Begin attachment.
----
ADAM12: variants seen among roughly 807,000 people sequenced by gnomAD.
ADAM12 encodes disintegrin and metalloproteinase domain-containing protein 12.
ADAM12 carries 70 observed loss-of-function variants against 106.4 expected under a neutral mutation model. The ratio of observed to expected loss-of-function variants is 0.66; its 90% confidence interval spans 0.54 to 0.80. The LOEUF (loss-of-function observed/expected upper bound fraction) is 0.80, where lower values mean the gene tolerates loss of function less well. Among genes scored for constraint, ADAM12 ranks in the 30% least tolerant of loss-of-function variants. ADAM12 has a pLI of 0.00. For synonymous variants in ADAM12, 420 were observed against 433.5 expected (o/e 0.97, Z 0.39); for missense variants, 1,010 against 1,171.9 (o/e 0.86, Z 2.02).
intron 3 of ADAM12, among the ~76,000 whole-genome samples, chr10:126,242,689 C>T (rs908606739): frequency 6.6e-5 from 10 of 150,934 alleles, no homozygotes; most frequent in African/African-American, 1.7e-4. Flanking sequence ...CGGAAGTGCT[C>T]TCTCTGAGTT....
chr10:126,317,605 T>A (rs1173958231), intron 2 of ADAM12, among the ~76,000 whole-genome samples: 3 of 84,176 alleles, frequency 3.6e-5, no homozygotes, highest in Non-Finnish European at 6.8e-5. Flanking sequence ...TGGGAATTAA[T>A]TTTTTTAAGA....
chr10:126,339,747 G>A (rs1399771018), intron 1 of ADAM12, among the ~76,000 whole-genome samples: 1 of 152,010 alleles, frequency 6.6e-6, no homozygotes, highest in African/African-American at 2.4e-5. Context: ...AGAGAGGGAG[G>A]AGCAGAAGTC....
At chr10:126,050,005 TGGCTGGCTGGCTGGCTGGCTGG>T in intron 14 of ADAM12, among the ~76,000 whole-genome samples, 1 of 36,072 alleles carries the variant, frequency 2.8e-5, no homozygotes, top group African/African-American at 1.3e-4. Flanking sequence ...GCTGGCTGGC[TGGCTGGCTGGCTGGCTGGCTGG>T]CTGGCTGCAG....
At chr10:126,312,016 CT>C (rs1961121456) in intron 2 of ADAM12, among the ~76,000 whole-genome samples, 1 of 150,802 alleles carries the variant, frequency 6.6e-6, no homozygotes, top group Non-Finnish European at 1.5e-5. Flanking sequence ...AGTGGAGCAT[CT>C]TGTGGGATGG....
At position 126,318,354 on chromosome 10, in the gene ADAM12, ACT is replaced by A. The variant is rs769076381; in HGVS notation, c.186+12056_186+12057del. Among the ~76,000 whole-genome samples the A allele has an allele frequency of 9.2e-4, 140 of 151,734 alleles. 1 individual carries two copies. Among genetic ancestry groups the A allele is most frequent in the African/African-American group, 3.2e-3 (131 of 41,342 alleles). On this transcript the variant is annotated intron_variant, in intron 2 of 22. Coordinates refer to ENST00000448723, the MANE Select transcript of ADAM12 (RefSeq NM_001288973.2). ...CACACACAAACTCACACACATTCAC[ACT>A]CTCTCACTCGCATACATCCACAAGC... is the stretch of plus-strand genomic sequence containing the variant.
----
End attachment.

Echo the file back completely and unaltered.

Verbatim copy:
ADAM12: variants seen among roughly 807,000 people sequenced by gnomAD.
ADAM12 encodes disintegrin and metalloproteinase domain-containing protein 12.
ADAM12 carries 70 observed loss-of-function variants against 106.4 expected under a neutral mutation model. The ratio of observed to expected loss-of-function variants is 0.66; its 90% confidence interval spans 0.54 to 0.80. The LOEUF (loss-of-function observed/expected upper bound fraction) is 0.80, where lower values mean the gene tolerates loss of function less well. Among genes scored for constraint, ADAM12 ranks in the 30% least tolerant of loss-of-function variants. ADAM12 has a pLI of 0.00. For synonymous variants in ADAM12, 420 were observed against 433.5 expected (o/e 0.97, Z 0.39); for missense variants, 1,010 against 1,171.9 (o/e 0.86, Z 2.02).
intron 3 of ADAM12, among the ~76,000 whole-genome samples, chr10:126,242,689 C>T (rs908606739): frequency 6.6e-5 from 10 of 150,934 alleles, no homozygotes; most frequent in African/African-American, 1.7e-4. Flanking sequence ...CGGAAGTGCT[C>T]TCTCTGAGTT....
chr10:126,317,605 T>A (rs1173958231), intron 2 of ADAM12, among the ~76,000 whole-genome samples: 3 of 84,176 alleles, frequency 3.6e-5, no homozygotes, highest in Non-Finnish European at 6.8e-5. Flanking sequence ...TGGGAATTAA[T>A]TTTTTTAAGA....
chr10:126,339,747 G>A (rs1399771018), intron 1 of ADAM12, among the ~76,000 whole-genome samples: 1 of 152,010 alleles, frequency 6.6e-6, no homozygotes, highest in African/African-American at 2.4e-5. Context: ...AGAGAGGGAG[G>A]AGCAGAAGTC....
At chr10:126,050,005 TGGCTGGCTGGCTGGCTGGCTGG>T in intron 14 of ADAM12, among the ~76,000 whole-genome samples, 1 of 36,072 alleles carries the variant, frequency 2.8e-5, no homozygotes, top group African/African-American at 1.3e-4. Flanking sequence ...GCTGGCTGGC[TGGCTGGCTGGCTGGCTGGCTGG>T]CTGGCTGCAG....
At chr10:126,312,016 CT>C (rs1961121456) in intron 2 of ADAM12, among the ~76,000 whole-genome samples, 1 of 150,802 alleles carries the variant, frequency 6.6e-6, no homozygotes, top group Non-Finnish European at 1.5e-5. Flanking sequence ...AGTGGAGCAT[CT>C]TGTGGGATGG....
At position 126,318,354 on chromosome 10, in the gene ADAM12, ACT is replaced by A. The variant is rs769076381; in HGVS notation, c.186+12056_186+12057del. Among the ~76,000 whole-genome samples the A allele has an allele frequency of 9.2e-4, 140 of 151,734 alleles. 1 individual carries two copies. Among genetic ancestry groups the A allele is most frequent in the African/African-American group, 3.2e-3 (131 of 41,342 alleles). On this transcript the variant is annotated intron_variant, in intron 2 of 22. Coordinates refer to ENST00000448723, the MANE Select transcript of ADAM12 (RefSeq NM_001288973.2). ...CACACACAAACTCACACACATTCAC[ACT>A]CTCTCACTCGCATACATCCACAAGC... is the stretch of plus-strand genomic sequence containing the variant.